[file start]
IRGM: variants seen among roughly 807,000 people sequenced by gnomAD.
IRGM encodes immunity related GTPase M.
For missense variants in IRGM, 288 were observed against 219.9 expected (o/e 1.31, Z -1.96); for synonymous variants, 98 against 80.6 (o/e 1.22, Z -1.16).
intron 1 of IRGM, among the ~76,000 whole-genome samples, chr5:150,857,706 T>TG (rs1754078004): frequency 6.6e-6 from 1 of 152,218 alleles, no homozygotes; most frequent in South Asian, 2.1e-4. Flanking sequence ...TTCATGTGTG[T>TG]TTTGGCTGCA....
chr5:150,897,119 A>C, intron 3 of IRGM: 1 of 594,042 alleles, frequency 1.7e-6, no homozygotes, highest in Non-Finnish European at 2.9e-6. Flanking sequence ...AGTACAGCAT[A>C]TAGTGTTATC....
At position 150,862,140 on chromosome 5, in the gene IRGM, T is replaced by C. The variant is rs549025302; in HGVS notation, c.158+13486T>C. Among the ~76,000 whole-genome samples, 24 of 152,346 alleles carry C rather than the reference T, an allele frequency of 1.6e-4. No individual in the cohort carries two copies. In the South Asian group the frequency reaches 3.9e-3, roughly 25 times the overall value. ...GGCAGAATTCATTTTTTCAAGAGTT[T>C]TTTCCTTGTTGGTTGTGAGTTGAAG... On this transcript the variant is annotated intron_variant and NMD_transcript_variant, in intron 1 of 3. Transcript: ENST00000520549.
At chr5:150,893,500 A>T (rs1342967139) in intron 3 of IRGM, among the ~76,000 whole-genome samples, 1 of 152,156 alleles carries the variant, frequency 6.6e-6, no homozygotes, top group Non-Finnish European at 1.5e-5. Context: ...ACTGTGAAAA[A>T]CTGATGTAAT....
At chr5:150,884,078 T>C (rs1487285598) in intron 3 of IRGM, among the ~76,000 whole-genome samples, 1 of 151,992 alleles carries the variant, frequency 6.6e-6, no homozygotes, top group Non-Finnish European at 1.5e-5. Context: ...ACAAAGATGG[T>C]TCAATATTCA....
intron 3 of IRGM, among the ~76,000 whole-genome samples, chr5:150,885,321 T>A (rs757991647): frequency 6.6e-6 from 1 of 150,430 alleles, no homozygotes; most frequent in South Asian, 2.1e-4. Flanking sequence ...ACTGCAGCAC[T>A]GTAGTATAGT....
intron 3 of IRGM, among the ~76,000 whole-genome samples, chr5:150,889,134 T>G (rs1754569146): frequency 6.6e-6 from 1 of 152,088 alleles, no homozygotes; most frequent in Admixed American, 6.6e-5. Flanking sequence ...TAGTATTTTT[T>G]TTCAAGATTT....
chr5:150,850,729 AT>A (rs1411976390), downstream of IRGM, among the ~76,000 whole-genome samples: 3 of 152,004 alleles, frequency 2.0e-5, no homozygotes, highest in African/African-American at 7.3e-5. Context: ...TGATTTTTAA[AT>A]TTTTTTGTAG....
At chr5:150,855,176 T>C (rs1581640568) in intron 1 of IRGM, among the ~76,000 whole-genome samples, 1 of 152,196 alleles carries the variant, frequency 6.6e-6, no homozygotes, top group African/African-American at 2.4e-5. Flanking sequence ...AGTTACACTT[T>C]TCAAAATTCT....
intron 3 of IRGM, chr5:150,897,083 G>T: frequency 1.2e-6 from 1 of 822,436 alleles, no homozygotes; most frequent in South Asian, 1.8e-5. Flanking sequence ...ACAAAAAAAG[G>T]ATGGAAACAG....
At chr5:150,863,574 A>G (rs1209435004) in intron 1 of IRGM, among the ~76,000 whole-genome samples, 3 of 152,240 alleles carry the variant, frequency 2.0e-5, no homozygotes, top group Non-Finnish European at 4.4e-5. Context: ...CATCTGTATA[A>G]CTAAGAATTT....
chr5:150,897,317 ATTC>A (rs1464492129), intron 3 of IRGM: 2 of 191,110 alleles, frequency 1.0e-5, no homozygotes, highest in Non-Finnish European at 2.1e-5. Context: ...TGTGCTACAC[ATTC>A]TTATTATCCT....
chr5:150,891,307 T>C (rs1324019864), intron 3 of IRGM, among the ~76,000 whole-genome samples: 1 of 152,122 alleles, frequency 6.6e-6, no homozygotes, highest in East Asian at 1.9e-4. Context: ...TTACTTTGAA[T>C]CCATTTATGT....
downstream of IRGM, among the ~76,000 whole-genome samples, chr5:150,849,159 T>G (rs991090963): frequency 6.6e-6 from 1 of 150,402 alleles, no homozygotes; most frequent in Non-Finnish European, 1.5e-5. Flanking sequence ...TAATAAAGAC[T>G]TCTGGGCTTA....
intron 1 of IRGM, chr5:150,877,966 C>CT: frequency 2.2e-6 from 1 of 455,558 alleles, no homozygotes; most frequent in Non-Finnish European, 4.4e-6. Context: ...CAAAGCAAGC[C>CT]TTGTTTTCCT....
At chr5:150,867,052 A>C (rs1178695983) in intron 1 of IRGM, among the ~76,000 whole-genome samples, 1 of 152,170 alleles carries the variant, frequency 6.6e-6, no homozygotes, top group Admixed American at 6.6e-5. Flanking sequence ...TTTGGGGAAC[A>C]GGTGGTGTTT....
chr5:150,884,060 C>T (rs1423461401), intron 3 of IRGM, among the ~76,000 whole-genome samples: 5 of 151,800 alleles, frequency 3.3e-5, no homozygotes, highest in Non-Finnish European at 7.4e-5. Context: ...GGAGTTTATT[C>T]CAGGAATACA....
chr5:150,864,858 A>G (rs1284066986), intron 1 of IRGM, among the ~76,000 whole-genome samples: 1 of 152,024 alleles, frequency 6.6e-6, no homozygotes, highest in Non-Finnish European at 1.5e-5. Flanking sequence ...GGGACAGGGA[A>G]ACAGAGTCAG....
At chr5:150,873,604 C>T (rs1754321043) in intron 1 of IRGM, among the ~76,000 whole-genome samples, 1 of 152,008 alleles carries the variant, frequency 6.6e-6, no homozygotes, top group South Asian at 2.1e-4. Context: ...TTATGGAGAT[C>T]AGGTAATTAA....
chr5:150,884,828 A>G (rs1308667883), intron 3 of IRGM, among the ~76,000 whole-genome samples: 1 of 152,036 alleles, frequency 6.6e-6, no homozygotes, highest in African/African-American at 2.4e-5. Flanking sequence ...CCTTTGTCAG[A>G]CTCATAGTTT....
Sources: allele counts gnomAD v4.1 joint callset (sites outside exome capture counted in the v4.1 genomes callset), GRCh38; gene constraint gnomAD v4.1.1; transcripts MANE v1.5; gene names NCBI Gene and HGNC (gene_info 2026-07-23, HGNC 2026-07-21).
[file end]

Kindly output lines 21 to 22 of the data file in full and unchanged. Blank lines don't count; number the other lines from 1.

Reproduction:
chr5:150,864,858 A>G (rs1284066986), intron 1 of IRGM, among the ~76,000 whole-genome samples: 1 of 152,024 alleles, frequency 6.6e-6, no homozygotes, highest in Non-Finnish European at 1.5e-5. Flanking sequence ...GGGACAGGGA[A>G]ACAGAGTCAG....
At chr5:150,873,604 C>T (rs1754321043) in intron 1 of IRGM, among the ~76,000 whole-genome samples, 1 of 152,008 alleles carries the variant, frequency 6.6e-6, no homozygotes, top group South Asian at 2.1e-4. Context: ...TTATGGAGAT[C>T]AGGTAATTAA....